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Avoiding Heat Exhaustion or Heat Stroke on Your Tour



With temperatures in the 90s (°F) and over 34°C this past weekend, it’s no surprise that this summer is shaping up to be an extremely hot one. We're already experiencing the pressure of this heat on our tours, and we want to make sure everyone takes the right precautions and can enjoy our tours without experiencing heat exhaustion or heat stroke.

The good thing is that heat exhaustion and stroke is preventable if you take the right steps. Here are our top tips for avoiding heat exhaustion or stroke on your tour.

Heat Exhaustion and Stroke Prevention

  • Wear loose, lightweight clothing. Wearing excess clothing or clothing that fits tightly won’t allow your body to cool properly. Think breathable tees that also keep your skin from getting too much sun exposure.

  • Protect against sunburn. Sunburn affects your body’s ability to cool itself, so protect yourself outdoors with a wide-brimmed hat and sunglasses and use a broad-spectrum sunscreen with an SPF of at least 50. Apply sunscreen generously, and reapply every hour, or more often if you’re swimming or sweating.

  • Take extra precaution if you have sunburn, or if you are overweight, dehydrated, or hungover.

  • Drink plenty of water. Hydration will help your body sweat and maintain a normal body temperature.

  • Be aware of any medications you take. Check symptoms for heat-related problems. Some medications can affect the body’s ability to stay hydrated and dissipate heat.

  • Take it easy during the hottest parts of the day. If you can’t avoid strenuous activity in hot weather, drink fluids and rest frequently in a cool spot. Take your time as you move from one activity to another.

  • Get acclimated to the heat. Try to limit your time spent in the heat and sun. If you are not used to hot weather, take extra precaution, as your body will be more susceptible to heat-related illness. Sometimes it can even take weeks for your body to adjust to hot weather.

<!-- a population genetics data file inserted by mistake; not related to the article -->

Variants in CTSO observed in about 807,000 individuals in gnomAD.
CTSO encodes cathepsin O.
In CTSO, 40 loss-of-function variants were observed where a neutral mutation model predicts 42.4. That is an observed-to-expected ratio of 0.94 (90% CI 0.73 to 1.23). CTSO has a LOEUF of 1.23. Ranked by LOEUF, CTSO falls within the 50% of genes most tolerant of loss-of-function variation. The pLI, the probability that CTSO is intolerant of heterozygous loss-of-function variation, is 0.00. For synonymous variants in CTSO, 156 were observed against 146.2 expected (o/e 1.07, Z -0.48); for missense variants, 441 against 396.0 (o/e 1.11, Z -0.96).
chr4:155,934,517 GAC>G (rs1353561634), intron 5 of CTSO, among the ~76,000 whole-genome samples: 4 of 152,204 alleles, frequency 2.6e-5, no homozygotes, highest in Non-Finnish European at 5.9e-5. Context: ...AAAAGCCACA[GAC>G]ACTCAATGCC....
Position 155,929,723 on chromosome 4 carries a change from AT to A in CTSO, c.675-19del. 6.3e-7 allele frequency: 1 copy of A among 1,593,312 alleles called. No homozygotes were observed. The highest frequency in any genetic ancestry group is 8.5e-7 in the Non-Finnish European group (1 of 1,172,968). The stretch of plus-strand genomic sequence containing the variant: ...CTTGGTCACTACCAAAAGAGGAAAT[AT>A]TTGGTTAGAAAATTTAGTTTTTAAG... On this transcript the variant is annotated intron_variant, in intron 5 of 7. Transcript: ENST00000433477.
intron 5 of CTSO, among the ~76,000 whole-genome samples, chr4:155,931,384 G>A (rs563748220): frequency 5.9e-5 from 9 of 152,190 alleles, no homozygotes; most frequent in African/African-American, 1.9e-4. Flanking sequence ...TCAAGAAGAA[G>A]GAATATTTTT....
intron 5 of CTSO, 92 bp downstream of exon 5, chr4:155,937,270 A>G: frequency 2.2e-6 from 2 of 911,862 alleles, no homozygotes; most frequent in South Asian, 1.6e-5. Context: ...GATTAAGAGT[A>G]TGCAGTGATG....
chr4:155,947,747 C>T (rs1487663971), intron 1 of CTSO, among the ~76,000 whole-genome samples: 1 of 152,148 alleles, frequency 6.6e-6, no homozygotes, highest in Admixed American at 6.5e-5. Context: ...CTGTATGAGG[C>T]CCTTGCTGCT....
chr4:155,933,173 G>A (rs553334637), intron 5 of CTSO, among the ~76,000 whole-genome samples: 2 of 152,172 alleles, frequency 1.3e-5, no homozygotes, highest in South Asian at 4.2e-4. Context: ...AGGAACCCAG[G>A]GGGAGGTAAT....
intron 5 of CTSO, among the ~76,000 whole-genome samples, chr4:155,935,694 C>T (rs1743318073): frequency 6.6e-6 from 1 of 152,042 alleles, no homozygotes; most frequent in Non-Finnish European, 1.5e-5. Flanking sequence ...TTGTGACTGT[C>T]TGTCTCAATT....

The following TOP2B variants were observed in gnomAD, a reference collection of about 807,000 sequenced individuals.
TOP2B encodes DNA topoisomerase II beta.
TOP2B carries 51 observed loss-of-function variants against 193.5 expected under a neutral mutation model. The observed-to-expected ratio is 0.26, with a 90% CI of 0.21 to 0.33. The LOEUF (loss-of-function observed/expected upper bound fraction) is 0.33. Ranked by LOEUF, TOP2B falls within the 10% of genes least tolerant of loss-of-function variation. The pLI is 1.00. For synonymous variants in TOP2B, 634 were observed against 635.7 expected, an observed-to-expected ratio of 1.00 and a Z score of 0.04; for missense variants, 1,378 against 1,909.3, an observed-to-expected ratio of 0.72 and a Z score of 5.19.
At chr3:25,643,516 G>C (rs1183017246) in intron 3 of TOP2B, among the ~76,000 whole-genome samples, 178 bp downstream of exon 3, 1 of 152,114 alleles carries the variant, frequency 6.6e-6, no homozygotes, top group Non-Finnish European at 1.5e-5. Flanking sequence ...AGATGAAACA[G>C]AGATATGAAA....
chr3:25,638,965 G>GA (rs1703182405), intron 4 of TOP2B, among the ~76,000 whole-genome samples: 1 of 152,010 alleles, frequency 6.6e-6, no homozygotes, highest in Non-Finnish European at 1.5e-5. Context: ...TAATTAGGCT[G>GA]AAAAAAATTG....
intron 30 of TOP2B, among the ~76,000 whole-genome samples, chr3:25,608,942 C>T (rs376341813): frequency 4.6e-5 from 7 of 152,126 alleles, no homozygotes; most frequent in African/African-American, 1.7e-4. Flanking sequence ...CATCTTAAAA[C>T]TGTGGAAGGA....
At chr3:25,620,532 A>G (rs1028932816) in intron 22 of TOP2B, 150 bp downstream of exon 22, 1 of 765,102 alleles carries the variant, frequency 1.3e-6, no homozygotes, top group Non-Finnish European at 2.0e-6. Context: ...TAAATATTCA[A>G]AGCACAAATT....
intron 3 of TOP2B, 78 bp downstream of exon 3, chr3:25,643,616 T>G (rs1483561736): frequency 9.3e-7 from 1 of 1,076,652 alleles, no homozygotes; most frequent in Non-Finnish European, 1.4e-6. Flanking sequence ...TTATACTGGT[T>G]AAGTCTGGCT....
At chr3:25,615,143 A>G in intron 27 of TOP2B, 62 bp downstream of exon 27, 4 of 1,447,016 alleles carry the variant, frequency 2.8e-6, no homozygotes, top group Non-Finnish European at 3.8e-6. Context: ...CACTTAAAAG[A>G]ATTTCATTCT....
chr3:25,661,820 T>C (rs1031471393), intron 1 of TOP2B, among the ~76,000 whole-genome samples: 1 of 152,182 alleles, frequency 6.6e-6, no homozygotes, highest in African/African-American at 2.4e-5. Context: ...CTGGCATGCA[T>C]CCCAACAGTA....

• Think about your medical history. If your family has a history of strokes or heart diseases, or if you have any allergies, take extra precaution.

Our guides will do our part to avoiding heat exhaustion and stroke. Guides will always pack umbrellas and extra water to keep you cool and hydrated.


It’s also important to be aware of the signs and symptoms of heat exhaustion and heat stroke. If you know the signs, you can immediately take steps to heal yourself. Heat exhaustion or heat stroke can take just a few minutes to develop, or they can develop gradually over several hours or days. Here are the signs and symptoms you need to know for avoiding heat exhaustion or heat stroke.

  • Tiredness and weakness

  • Feeling faint or dizzy

  • Decrease in blood pressure

  • Headache

  • Muscle cramps

  • Feeling and being sick

  • Heavy sweating

  • Intense thirst

  • A fat pulse

  • Urinating less often and having much darker urine than usual

If untreated, heat exhaustion and heat stroke can lead to confusion, disorientation, seizures, and a loss of consciousness.

Lastly, we have some tips on what to do if you see these symptoms arising. If you see someone else experiencing the symptoms of heat exhaustion or stroke, please follow these steps.

  • Lie down in a cool place, such as a room with air conditioning, the van or somewhere in the shade.

  • Remove any unnecessary clothing to expose as much of the skin as possible to cool the body.

  • Use anything available, like a cool, wet sponge or flannel, cold packs, or cold water bottles around the neck and armpits. You can also get a cool, wet sheet to fan the skin while it’s moist.

  • Once cooled down a bit, hydrate with water, fruit juice, a re-hydration drink, such as a sports drink.

Recovery should take about thirty minutes. Your guide will get medical help if the heat exhaustion or heat stroke is serious. Your guide will also continue to treat anyone with these symptoms until the medical help arrives.

Elderly people, babies, and young children are most susceptible to heat-related illness. Long-term health conditions like diabetes or heart or lung conditions will also be more likely to get heat exhaustion or stroke. Anyone already ill or dehydrated is also at risk.

Do you have any tips to prevent heat exhaustion or heat stroke that we didn't mention? Have you ever experienced these heat-related illnesses? Share with us in the comments!

Prefer to stay in the shade? The chilly cenotes are just for you. Our Mayan Explorer private tour includes three cenotes, zip-line, canoeing, and more!

If you have any questions or concerns, please do not hesitate to write in the comment section below or send us an e-mail to: contact@kay.tours.

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